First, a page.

/ Asked by Erick
I read that for lower-level jobs, employers commonly reject candidates who do not live where the job is. Therefore, I am, with rare exception, applying only for jobs in my city of residence, despite knowing that some people think this is a bad job search strategy. Which strategy, including deciding which companies to apply at, would work best if applying for jobs outside my city of residence?
Answered by Ashley, Hiring Expert at Textron Inc., on Wednesday, August 19, 2015
Commonly, employers may opt to choose a candidate who is from the area; however, this does not mean that you shouldn’t apply to those jobs that are in different areas. Opening up your job search will bring many more opportunities to find the job that best suits your expertise. Many companies require a cover letter, this a great way to show your flexibility and willingness to move to a new area, as well as why you want to move and work at their company. Going to a company that is outside of your city of residence will bring diversity to their team, which many companies are striving to achieve. Knowing that many companies outside of your immediate city will not consider you, you should look for companies that you are serious about wanting to work for and do your research. Doing this will allow you to put a higher level of focus on those company’s applications and cover letter. Also, you could consider looking at different companies that have different office locations. These types of companies will have a higher probability of having people at their office from different areas and will have a different outlook on relocation. Lastly, in their application, make sure that you answer any questions with travel and relocation in a manner that will ease their thoughts of hiring someone who is not from the area. Good luck with your job search!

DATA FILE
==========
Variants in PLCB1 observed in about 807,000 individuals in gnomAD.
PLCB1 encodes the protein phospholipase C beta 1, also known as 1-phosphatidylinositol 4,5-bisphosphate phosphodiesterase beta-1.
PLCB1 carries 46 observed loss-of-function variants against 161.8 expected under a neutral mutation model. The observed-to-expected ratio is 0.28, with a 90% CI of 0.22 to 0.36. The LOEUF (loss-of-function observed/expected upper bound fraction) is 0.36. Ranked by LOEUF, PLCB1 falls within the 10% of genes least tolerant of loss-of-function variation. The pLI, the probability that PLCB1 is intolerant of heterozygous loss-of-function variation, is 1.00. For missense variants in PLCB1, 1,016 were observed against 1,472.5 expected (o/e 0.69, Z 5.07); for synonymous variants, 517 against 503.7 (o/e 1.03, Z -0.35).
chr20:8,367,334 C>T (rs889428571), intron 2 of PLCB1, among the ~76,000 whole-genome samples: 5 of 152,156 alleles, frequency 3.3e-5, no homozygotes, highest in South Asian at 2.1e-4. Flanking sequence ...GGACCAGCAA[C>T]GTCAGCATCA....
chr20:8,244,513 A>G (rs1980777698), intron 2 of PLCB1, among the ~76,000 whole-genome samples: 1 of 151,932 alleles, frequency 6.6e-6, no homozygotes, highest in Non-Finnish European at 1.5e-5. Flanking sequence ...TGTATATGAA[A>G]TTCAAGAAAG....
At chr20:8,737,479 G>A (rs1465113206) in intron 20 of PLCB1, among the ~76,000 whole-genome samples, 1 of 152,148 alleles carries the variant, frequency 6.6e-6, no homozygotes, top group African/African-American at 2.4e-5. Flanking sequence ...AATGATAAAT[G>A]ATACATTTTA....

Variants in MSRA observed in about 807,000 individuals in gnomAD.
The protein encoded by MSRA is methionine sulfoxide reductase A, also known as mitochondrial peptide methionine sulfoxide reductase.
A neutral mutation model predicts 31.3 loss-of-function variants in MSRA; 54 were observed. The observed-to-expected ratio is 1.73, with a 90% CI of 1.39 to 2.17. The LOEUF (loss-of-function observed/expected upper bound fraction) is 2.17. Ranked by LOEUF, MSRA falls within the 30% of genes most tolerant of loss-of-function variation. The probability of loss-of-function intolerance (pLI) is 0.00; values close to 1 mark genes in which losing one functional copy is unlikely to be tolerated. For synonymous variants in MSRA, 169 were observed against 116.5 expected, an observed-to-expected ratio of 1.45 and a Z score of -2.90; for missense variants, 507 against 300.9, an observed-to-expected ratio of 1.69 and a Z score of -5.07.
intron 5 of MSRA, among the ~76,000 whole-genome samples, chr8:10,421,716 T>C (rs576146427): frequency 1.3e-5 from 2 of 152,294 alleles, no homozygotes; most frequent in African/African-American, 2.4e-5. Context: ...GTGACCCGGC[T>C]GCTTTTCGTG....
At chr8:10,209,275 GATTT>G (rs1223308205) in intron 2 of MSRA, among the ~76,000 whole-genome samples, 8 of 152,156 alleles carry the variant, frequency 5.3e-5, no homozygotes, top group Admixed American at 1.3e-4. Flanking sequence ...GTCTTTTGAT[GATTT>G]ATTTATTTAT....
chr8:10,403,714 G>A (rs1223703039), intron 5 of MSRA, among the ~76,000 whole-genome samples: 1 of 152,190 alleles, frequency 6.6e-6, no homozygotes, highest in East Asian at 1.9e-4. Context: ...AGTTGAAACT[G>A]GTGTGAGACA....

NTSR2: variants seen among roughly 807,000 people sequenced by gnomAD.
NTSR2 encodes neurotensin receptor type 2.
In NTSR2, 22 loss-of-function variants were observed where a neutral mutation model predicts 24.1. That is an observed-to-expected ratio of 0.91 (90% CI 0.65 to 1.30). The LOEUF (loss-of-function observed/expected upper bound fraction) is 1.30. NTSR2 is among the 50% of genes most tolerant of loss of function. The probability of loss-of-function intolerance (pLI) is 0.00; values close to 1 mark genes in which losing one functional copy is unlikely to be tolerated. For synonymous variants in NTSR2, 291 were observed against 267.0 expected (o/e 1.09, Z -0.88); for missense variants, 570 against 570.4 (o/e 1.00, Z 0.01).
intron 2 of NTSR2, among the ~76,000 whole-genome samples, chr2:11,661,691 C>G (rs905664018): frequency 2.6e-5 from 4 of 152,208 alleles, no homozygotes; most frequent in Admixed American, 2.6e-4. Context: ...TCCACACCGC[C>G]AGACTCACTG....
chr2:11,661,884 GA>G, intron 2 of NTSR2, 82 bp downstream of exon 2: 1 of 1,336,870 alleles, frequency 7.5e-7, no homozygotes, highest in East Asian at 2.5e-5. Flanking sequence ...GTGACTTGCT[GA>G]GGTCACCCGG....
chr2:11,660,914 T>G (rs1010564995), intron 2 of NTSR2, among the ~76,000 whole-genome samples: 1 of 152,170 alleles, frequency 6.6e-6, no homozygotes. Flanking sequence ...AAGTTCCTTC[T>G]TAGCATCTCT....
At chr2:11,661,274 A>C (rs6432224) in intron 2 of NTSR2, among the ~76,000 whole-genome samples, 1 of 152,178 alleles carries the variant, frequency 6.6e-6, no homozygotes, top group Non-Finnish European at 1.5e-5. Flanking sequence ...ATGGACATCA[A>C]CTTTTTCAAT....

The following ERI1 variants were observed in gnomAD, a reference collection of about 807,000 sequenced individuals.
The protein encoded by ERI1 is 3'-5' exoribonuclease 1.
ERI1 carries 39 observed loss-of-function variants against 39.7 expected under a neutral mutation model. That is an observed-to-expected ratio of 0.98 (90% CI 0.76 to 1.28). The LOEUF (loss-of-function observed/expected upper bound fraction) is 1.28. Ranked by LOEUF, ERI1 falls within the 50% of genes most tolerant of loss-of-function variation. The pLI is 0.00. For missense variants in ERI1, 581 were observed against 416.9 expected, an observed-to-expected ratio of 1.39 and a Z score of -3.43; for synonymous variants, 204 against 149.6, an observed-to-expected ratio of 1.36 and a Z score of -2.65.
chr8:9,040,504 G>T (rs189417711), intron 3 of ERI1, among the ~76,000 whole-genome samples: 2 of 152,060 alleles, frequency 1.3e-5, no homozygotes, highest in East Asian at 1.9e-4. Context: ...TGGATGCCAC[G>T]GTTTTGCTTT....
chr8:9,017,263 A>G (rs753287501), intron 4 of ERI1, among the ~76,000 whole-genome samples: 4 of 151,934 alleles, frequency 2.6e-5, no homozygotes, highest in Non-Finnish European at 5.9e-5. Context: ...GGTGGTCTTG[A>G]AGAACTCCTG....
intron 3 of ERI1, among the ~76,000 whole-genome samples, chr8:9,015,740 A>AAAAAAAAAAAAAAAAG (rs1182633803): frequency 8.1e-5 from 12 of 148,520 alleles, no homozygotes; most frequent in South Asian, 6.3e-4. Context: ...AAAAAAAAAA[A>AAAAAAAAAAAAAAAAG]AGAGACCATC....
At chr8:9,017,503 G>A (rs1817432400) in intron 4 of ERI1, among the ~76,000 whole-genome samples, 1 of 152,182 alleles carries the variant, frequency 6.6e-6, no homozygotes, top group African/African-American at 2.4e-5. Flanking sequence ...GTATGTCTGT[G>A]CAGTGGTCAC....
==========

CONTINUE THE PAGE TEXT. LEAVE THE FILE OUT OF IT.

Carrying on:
Answered by Ashley, Hiring Expert at Cardinal Health, on Wednesday, August 19, 2015
It is common for employers to seek local candidates for entry-level positions because there is often not a budget for relocation expenses. I would not let this discourage you from applying to non-local positions. If you are the most qualified applicant for the position, this may increase your chances even if you aren’t local to the area. I would be sure to have a strategy when applying to positions not in your city of residence. You shouldn’t apply to positions all across the United States simply because you want to relocate. You should have a set plan in mind when considering relocating to a different state. This is important so you can confidently explain your reasoning for wanting to relocate. You should also include this in your cover letter and set a timeline of when you anticipate moving to the area so the recruiter knows you are serious about relocating.
Answered by Cassie, Hiring Expert at The Hershey Company, on Thursday, August 20, 2015
I think every situation is a bit different and you should not be discouraged from applying to roles because of geography. It really depends on the company and on the labor market in certain areas. If two candidates are equally qualified they may go with the local candidate, but companies most likely won’t reject your application if you are qualified just because you are not in the area. Even if there is not a relocation budget for the role, they may still let you relocate to the area at your own expense for the position if you are the most qualified.
We hire a lot of entry level sales roles and we are very open to candidates in other areas because our sales roles are all across the country and most likely you would have to relocate for a promotion, so the more open you are the better. It really again depends on the type of position and career path of the role. If a company operates or has positions in multiple locations they are probably more likely to be open to someone anywhere, regardless of the level of position. Companies should be focused on hiring the most qualified candidate for the role!
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